Fostering Logistics Teamwork

Fostering Logistics Teamwork

Copyright 2004, Traffic World, Inc.

With even the most automated logistics operations, departments and individuals working well together can mean the difference between so-so and great results. Elaborate buildings, good carrier contracts, and the latest gadgetry are worthless without cooperation and teamwork.

Whether you own the logistics department, are a 3PL, or use a 3PL, artificial barriers between departments and lack of good training doom logistics operations to poor performance and, ultimately, failure.

There are four basic areas that should be looked at closely when auditing a logistics operation to assure successful, well-coordinated functions: properly segmented operations; presence of fiefdoms; mutual respect within the operation; and cross training.



We''ll look at each area and explore how each relates to the most effective logistics operation.

Properly segmented operations

In larger companies, many logistics workers require specific ongoing direction. Often they are organized into very specific duties or crafts, sometimes under union contracts. In a warehousing and shipping operation you might find separate groups for receiving, breakdown, packing, put away, picking, consolidation, packaging for shipment, routing, and shipping.

Ask yourself: does the manner in which tasks and workers are segmented add value to the overall process? If not, what should the makeup look like?

In the most effective operations, less segmentation works best. Yes, building teams based on functions can be a motivator, but consider the benefits of building a team across skills, not by skill set. Labor can be used where needed to eliminate bottlenecks by concentrating on the entire work flow.

Fiefdoms

We''ve all seen them: groups led by managers more interested in looking out for themselves than for the best overall results. People and assets are hoarded. Cooperation with other groups is often limited or nonexistent. They use the "That''s not our problem" mentality.

This kind of group poisons the whole operation. Nothing good will come of a group like this and the faster you can break it up, the better. Do it for everyone in your organization as well as your personal sanity.

Mutual Respect

Healthy rivalry can be a positive force within every operation. But when there is open hostility or actions border on sabotage, it''s time to rethink your organization.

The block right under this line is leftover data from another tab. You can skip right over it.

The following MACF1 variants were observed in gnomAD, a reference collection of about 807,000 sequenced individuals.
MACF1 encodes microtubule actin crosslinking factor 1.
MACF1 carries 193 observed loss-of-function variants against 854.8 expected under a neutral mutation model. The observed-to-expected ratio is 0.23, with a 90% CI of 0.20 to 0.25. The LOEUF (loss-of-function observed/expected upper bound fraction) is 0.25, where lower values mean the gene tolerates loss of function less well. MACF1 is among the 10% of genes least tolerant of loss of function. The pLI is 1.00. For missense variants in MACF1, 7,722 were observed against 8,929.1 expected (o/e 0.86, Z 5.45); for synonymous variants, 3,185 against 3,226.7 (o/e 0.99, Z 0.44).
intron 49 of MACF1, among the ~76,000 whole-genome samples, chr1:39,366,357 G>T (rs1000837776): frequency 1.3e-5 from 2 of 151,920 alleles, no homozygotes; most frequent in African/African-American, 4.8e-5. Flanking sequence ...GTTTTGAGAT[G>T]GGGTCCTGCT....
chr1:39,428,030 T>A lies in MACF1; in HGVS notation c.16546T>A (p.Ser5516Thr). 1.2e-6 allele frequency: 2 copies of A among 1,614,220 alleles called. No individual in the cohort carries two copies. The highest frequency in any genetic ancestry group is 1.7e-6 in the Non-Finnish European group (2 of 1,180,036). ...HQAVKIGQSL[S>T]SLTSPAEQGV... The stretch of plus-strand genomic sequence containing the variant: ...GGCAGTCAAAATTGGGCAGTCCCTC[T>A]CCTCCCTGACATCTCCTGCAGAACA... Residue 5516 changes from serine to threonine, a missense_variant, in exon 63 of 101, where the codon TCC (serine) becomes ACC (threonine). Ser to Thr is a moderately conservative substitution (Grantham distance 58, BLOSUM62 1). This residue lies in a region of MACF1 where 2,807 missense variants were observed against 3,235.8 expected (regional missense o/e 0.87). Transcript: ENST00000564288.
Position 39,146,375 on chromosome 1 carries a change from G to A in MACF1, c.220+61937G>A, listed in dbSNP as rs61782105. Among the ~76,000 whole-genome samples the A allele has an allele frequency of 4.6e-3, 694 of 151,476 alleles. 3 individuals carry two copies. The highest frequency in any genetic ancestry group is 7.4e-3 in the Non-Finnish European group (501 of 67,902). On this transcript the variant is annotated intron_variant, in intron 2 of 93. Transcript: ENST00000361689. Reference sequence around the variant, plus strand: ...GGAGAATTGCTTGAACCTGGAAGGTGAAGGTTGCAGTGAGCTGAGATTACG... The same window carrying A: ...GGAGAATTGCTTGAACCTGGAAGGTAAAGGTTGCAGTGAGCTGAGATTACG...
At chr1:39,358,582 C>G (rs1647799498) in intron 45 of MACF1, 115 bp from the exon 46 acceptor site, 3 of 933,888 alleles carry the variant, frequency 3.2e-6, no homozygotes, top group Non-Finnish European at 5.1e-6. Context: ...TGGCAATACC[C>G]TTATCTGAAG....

Carefully examine the degree of teamwork within the operation. Create an environment where it flourishes. Reward strong teamwork whenever possible.

As part of your audit to measure the extent of mutual respect, honestly assess how your group would respond to the following situations:

-- Late in the day, the shipping preparers are struggling to get the last few orders to the carriers. The packagers are done for the day but are still on the clock. Will the packagers eagerly pitch in, or is it "not their job"?

-- A shipment is completed and labeled, ready for the carrier to pick up. A person from another group recognizes from experience that the identified customer would never order what is being shipped to him. Would the mistake be rectified? If so, would it be done without recriminations and acrimony?

The goal of your operation is to encourage selflessness and an environment where getting the job done correctly is the rule. An organization where there is automatic double checking to assure accuracy without ranker and finger pointing is the rule.

Cross training

Once the operations are properly segmented, fiefdoms dismantled and the mutual respect is present, there is one final component necessary for total success - strong cross training.

The benefits of having cross trained employees are huge. Consider:

-- Moving versatile employees with the workload during the day or placing them in key operations during seasonal spikes to improve overall productivity

-- Cross training will create extra sets of eyes to catch potential errors before they occur.

-- Employees will be motivated and more satisfied with their job because tasks are varied from day to day.

-- Training can bring better processes and ideas as people with hands-on experience, different perspectives and problem-solving skills are exposed to issues.

-- If your labor contracts allow, your most versatile employees can be paid more, permitting you to retain the best ones.

Knowledge and the sharing of knowledge should be a goal within your organization. If not, the group falls back into the segmented organization, lacking mutual respect that you wish to avoid.

Many may have a union environment that precludes major immediate changes to your operations. But there are excellent examples of companies that were able to have very effective logistics operations by applying the same audit concepts and working toward the proper goals. It is an evolutionary process that takes skill and patience.

Your logistics employees ultimately make or break your shipping/warehousing operation. The ability to encourage cooperation, communication, and teamwork among all involved is key.



-- This is the sixth part of a series on tools and tactics for today''s shippers. The final segment will appear next week. Dwight Sigworth is president of Shipping Strategies Group of Portland, Ore., a consulting company. Its Web site is www.shippingstrategies.com.